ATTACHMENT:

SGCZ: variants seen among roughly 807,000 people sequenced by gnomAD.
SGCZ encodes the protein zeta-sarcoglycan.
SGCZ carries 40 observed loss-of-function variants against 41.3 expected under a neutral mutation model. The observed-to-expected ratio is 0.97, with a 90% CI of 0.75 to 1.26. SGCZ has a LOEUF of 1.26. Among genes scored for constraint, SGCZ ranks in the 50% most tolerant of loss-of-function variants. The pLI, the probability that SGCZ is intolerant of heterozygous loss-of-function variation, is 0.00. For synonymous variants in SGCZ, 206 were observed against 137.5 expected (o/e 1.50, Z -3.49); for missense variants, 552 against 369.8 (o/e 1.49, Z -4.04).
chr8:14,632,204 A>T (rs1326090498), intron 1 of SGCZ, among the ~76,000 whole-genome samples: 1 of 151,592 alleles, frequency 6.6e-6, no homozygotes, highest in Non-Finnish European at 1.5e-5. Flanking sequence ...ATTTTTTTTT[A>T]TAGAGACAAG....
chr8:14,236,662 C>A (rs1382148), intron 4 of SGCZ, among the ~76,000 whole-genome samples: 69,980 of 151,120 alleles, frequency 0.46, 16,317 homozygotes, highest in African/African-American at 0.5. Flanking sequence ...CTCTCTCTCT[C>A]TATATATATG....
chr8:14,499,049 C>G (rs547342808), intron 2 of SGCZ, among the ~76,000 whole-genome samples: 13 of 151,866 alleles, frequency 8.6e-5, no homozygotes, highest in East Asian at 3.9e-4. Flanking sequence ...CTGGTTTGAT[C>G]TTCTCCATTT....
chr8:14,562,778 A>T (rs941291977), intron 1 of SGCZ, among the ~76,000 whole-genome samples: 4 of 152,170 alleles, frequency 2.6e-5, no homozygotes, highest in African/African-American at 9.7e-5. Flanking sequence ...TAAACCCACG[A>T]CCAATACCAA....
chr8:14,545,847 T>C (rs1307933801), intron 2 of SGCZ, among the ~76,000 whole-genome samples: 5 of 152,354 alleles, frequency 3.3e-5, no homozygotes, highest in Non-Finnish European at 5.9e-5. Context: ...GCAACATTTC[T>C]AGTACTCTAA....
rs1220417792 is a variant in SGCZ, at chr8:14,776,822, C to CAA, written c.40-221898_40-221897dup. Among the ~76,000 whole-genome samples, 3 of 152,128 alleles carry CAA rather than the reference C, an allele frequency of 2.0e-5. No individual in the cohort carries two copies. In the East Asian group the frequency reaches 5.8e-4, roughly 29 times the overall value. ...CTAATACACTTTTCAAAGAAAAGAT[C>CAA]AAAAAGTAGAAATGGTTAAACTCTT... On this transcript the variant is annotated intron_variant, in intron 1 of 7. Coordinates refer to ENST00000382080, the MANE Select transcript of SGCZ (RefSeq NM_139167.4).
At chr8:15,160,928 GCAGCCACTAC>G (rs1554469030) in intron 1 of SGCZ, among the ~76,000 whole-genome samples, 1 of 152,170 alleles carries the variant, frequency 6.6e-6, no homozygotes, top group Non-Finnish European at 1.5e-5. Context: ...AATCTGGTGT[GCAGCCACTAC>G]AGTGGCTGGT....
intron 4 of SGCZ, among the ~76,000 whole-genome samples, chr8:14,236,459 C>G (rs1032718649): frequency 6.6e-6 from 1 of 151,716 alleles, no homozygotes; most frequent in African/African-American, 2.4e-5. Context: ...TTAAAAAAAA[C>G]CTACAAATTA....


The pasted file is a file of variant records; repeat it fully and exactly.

SGCZ: variants seen among roughly 807,000 people sequenced by gnomAD.
SGCZ encodes the protein zeta-sarcoglycan.
SGCZ carries 40 observed loss-of-function variants against 41.3 expected under a neutral mutation model. The observed-to-expected ratio is 0.97, with a 90% CI of 0.75 to 1.26. SGCZ has a LOEUF of 1.26. Among genes scored for constraint, SGCZ ranks in the 50% most tolerant of loss-of-function variants. The pLI, the probability that SGCZ is intolerant of heterozygous loss-of-function variation, is 0.00. For synonymous variants in SGCZ, 206 were observed against 137.5 expected (o/e 1.50, Z -3.49); for missense variants, 552 against 369.8 (o/e 1.49, Z -4.04).
chr8:14,632,204 A>T (rs1326090498), intron 1 of SGCZ, among the ~76,000 whole-genome samples: 1 of 151,592 alleles, frequency 6.6e-6, no homozygotes, highest in Non-Finnish European at 1.5e-5. Flanking sequence ...ATTTTTTTTT[A>T]TAGAGACAAG....
chr8:14,236,662 C>A (rs1382148), intron 4 of SGCZ, among the ~76,000 whole-genome samples: 69,980 of 151,120 alleles, frequency 0.46, 16,317 homozygotes, highest in African/African-American at 0.5. Flanking sequence ...CTCTCTCTCT[C>A]TATATATATG....
chr8:14,499,049 C>G (rs547342808), intron 2 of SGCZ, among the ~76,000 whole-genome samples: 13 of 151,866 alleles, frequency 8.6e-5, no homozygotes, highest in East Asian at 3.9e-4. Flanking sequence ...CTGGTTTGAT[C>G]TTCTCCATTT....
chr8:14,562,778 A>T (rs941291977), intron 1 of SGCZ, among the ~76,000 whole-genome samples: 4 of 152,170 alleles, frequency 2.6e-5, no homozygotes, highest in African/African-American at 9.7e-5. Flanking sequence ...TAAACCCACG[A>T]CCAATACCAA....
chr8:14,545,847 T>C (rs1307933801), intron 2 of SGCZ, among the ~76,000 whole-genome samples: 5 of 152,354 alleles, frequency 3.3e-5, no homozygotes, highest in Non-Finnish European at 5.9e-5. Context: ...GCAACATTTC[T>C]AGTACTCTAA....
rs1220417792 is a variant in SGCZ, at chr8:14,776,822, C to CAA, written c.40-221898_40-221897dup. Among the ~76,000 whole-genome samples, 3 of 152,128 alleles carry CAA rather than the reference C, an allele frequency of 2.0e-5. No individual in the cohort carries two copies. In the East Asian group the frequency reaches 5.8e-4, roughly 29 times the overall value. ...CTAATACACTTTTCAAAGAAAAGAT[C>CAA]AAAAAGTAGAAATGGTTAAACTCTT... On this transcript the variant is annotated intron_variant, in intron 1 of 7. Coordinates refer to ENST00000382080, the MANE Select transcript of SGCZ (RefSeq NM_139167.4).
At chr8:15,160,928 GCAGCCACTAC>G (rs1554469030) in intron 1 of SGCZ, among the ~76,000 whole-genome samples, 1 of 152,170 alleles carries the variant, frequency 6.6e-6, no homozygotes, top group Non-Finnish European at 1.5e-5. Context: ...AATCTGGTGT[GCAGCCACTAC>G]AGTGGCTGGT....
intron 4 of SGCZ, among the ~76,000 whole-genome samples, chr8:14,236,459 C>G (rs1032718649): frequency 6.6e-6 from 1 of 151,716 alleles, no homozygotes; most frequent in African/African-American, 2.4e-5. Context: ...TTAAAAAAAA[C>G]CTACAAATTA....